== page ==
Minnesota Senator Amy Klobuchar made a swing through Iowa this weekend to help boost some of her fellow Midwestern Democrats in important races. She noted at a canvass kick-off event with Cindy Axne that the party needed to refocus their attention to the region.
“The other lesson we learned over the past two years is we’re not going to leave the Midwest behind,” Klobuchar said of Democrats’ past efforts. “This is the moment for the Midwest, and we don’t want to be forgotten again in a national election.”
She ticked off a number of U.S. Senate races, like Joe Donnelly in Indiana, Claire McCaskill in Missouri and Tammy Baldwin in Wisconsin, that she felt optimistic about.
All of those states moved significantly in Republicans’ favor during Donald Trump’s 2016 election, but there’s signs across the Midwest that Democrats are rebounding in 2018. A trio of Democratic candidates for governor – Fred Hubbell in Iowa, Tony Evers in Wisconsin, Tim Walz in Minnesota – may all win their competitive races.
“The key is to not just go where it’s comfortable, but where it’s uncomfortable,” Klobuchar told Starting Line of what Democrats needed to do better on the campaign trail. “What seemed to happen a lot in 2016 … people were more focused in the metros, not doing as much in rural as a party.”
At events in Des Moines and Ankeny, Klobuchar pointed to Democrats running with a stronger emphasis on basic economic policies. She mentioned how her sister got a manufacturing job in Iowa, which gave her enough time to get her GED, go to community college and then get a four-year degree in accounting. Messaging on educational and job opportunities like the ones her sister experienced should motivate voters, Klobuchar explained.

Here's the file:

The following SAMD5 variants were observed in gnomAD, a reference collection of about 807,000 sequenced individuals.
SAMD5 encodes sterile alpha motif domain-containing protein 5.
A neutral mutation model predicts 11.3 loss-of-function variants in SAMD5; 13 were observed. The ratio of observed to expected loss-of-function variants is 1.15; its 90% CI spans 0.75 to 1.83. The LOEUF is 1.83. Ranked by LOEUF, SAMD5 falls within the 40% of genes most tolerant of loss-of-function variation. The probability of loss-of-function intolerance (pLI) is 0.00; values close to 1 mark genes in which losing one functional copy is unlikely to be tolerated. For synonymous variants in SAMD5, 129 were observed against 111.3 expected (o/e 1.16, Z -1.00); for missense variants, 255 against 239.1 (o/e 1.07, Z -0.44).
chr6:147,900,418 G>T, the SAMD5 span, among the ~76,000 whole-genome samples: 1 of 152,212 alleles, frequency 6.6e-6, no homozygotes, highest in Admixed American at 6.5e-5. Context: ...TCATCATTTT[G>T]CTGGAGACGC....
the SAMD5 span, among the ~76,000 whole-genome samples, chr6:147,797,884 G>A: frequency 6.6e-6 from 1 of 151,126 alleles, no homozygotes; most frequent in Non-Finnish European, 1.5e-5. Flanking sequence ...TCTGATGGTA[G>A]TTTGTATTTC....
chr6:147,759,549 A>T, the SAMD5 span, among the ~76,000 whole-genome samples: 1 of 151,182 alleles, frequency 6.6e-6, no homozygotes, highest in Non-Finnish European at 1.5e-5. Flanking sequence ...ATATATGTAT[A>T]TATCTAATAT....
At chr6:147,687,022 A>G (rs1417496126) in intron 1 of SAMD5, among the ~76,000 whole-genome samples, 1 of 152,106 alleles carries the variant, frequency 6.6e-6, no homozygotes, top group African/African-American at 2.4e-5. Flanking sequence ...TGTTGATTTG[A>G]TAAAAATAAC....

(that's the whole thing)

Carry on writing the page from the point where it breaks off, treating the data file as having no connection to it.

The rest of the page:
“Hillary had a strong economic agenda, but somehow it got lost because everyone was chasing Donald Trump down every single rabbit hole,” she said. “I think a lot of this was keeping the focus on these issues like healthcare, and we have done that [this year].”
Klobuchar also talked up female empowerment at the ballot box. She held stops to help out Axne, Amber Gustafson, Heather Matson, Abby Finkenauer, Deidre DeJear and J.D. Scholten on Saturday. Linking things like the Women’s March to this year’s record crop of female candidates, Klobuchar promised “this is our year” to elect more women.
“This is the arc we’re on that ends right here with Cindy’s race,” she said.
She also mentioned her role on the Senate Judiciary Committee, which has given her a larger national profile on issues from the Supreme Court hearings to the Russia investigation.
“If anyone ever says that [Russia] meddled, never use that word. That is what I do when I call my daughter on a Saturday night to ask what she’s doing. It is a cyber attack,” Klobuchar said.
This was the senator’s third trip to Iowa since 2016, but her first this year. Many continue to watch Klobuchar’s moves closely as they suspect she may be considering a presidential run in 2020. Her husband was with her on this trip to Iowa; a number of national Democrats seriously considering runs have brought their families along with them on Iowa trips.
And while this visit was all about assisting Democrats running in 2018, it doesn’t take much reading between the lines to see what themes her 2020 candidacy could be based on: female empowerment, a candidate with Midwest electability, strong economic focus. It that’s a winning combination for several Democrats in key races in Iowa in 2018, there’s nothing to say it wouldn’t be just as good for 2020.
by Pat Rynard